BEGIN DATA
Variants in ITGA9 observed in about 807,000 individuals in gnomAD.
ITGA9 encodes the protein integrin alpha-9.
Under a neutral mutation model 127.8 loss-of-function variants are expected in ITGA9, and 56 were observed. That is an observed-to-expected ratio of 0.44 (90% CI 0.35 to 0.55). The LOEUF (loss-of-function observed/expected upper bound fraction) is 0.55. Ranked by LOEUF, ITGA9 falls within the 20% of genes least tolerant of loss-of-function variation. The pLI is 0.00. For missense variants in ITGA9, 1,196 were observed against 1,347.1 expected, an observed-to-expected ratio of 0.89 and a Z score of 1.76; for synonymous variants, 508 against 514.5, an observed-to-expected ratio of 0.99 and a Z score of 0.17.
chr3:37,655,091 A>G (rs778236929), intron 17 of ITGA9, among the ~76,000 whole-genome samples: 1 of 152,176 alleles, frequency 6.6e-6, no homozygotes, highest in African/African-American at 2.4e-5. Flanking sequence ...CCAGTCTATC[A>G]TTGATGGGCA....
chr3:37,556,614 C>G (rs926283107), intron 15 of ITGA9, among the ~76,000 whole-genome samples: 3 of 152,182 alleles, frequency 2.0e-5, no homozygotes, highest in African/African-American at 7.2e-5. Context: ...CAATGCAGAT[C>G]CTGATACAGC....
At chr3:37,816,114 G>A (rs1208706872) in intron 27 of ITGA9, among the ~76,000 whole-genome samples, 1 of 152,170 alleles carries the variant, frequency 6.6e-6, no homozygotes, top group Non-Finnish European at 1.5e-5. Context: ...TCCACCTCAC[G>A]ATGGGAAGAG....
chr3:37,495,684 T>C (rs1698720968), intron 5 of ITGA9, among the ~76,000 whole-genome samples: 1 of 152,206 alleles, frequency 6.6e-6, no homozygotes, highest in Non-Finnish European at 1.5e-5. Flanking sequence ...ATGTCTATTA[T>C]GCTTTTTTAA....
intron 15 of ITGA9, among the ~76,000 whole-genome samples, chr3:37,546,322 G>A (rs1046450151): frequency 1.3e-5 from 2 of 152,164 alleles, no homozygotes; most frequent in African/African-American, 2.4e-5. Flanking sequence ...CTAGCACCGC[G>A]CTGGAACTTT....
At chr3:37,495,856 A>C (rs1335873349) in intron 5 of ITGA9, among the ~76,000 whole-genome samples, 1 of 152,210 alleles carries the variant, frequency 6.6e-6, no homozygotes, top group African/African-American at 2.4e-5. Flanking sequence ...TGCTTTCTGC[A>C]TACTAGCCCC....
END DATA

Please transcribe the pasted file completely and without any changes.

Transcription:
Variants in ITGA9 observed in about 807,000 individuals in gnomAD.
ITGA9 encodes the protein integrin alpha-9.
Under a neutral mutation model 127.8 loss-of-function variants are expected in ITGA9, and 56 were observed. That is an observed-to-expected ratio of 0.44 (90% CI 0.35 to 0.55). The LOEUF (loss-of-function observed/expected upper bound fraction) is 0.55. Ranked by LOEUF, ITGA9 falls within the 20% of genes least tolerant of loss-of-function variation. The pLI is 0.00. For missense variants in ITGA9, 1,196 were observed against 1,347.1 expected, an observed-to-expected ratio of 0.89 and a Z score of 1.76; for synonymous variants, 508 against 514.5, an observed-to-expected ratio of 0.99 and a Z score of 0.17.
chr3:37,655,091 A>G (rs778236929), intron 17 of ITGA9, among the ~76,000 whole-genome samples: 1 of 152,176 alleles, frequency 6.6e-6, no homozygotes, highest in African/African-American at 2.4e-5. Flanking sequence ...CCAGTCTATC[A>G]TTGATGGGCA....
chr3:37,556,614 C>G (rs926283107), intron 15 of ITGA9, among the ~76,000 whole-genome samples: 3 of 152,182 alleles, frequency 2.0e-5, no homozygotes, highest in African/African-American at 7.2e-5. Context: ...CAATGCAGAT[C>G]CTGATACAGC....
At chr3:37,816,114 G>A (rs1208706872) in intron 27 of ITGA9, among the ~76,000 whole-genome samples, 1 of 152,170 alleles carries the variant, frequency 6.6e-6, no homozygotes, top group Non-Finnish European at 1.5e-5. Context: ...TCCACCTCAC[G>A]ATGGGAAGAG....
chr3:37,495,684 T>C (rs1698720968), intron 5 of ITGA9, among the ~76,000 whole-genome samples: 1 of 152,206 alleles, frequency 6.6e-6, no homozygotes, highest in Non-Finnish European at 1.5e-5. Flanking sequence ...ATGTCTATTA[T>C]GCTTTTTTAA....
intron 15 of ITGA9, among the ~76,000 whole-genome samples, chr3:37,546,322 G>A (rs1046450151): frequency 1.3e-5 from 2 of 152,164 alleles, no homozygotes; most frequent in African/African-American, 2.4e-5. Flanking sequence ...CTAGCACCGC[G>A]CTGGAACTTT....
At chr3:37,495,856 A>C (rs1335873349) in intron 5 of ITGA9, among the ~76,000 whole-genome samples, 1 of 152,210 alleles carries the variant, frequency 6.6e-6, no homozygotes, top group African/African-American at 2.4e-5. Flanking sequence ...TGCTTTCTGC[A>C]TACTAGCCCC....